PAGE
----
Cambodia will send back 1,600 tonnes of plastic waste found in shipping containers to the U.S. and Canada, an official said Wednesday, as Southeast Asian countries revolt against an onslaught of rubbish shipments.
China's decision to ban foreign plastic waste imports last year threw global recycling into chaos, leaving developed nations struggling to find countries to send their trash.
The rubbish was found Tuesday in scores of shipping containers at the port town of Sihanoukville and will be sent back to its origin, environment ministry spokesman Neth Pheaktra told AFP.
"Cambodia is not a bin for out-of-date technology to be dumped in," he added.
He said 70 containers full of plastic waste were shipped from the United State while another 13 were sent from Canada.
Tuesday's discovery of the waste followed a statement at a Cabinet meeting last week by Prime Minister Hun Sen that Cambodia is not the dumping ground for any kind of waste, and does not allow the import of any kinds of plastic waste or other recyclables.
Images of officials inspecting the containers, stuffed with bundled plastic, riled up Cambodian social media users.
The trash delivery was a "serious insult", Transparency International Cambodia executive director Preap Kol said in a Facebook post.
Huge quantities of rubbish have wound up on Southeast Asian shores as opposition to handling exported trash is growing in the region. Electronic waste, which often has toxic qualities, is also a major problem, with shipments bouncing from port to port after being turned away.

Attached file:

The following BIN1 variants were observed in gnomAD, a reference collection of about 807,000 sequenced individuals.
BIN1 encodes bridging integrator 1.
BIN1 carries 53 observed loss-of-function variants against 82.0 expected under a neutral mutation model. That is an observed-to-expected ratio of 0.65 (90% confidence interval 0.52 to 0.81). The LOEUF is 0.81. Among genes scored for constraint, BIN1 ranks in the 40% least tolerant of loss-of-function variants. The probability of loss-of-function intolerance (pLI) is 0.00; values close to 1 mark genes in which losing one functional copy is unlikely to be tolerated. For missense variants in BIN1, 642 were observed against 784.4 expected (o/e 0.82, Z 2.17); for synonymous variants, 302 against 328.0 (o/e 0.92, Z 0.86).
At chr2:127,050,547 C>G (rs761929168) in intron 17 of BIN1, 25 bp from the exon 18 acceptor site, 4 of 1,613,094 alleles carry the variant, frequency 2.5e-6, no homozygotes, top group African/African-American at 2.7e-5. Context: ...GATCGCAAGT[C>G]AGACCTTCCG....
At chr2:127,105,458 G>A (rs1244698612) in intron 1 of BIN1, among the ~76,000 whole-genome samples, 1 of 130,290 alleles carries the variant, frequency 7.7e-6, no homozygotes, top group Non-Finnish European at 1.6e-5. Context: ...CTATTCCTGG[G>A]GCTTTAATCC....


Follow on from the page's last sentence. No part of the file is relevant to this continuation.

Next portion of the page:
Kun Nhim, director general of Cambodia's General Department of Customs and Excise, told The Associated Press on Wednesday that action was taken on the issue after other countries in the region such as Malaysia, Indonesia and Philippines brought the issue to the attention of Cambodian officials.
He said the 83 containers, which arrived over a period beginning in October 2018, contained only plastic waste, not toxic materials or radioactive substances.
Cambodia also has a severe problem with plastic waste it generates domestically, with little public awareness of the problem or infrastructure to deal with it.
Indonesia announced this month it was sending back dozens of containers full of waste to France and other developed nations, while neighboring Malaysia said in May it was shipping 450 tonnes of imported plastic waste back to its sources.
Around 300 million tons of plastic are produced every year, according to the Worldwide Fund for Nature (WWF), with much of it ending up in landfills or polluting the seas in what has become a growing international crisis.
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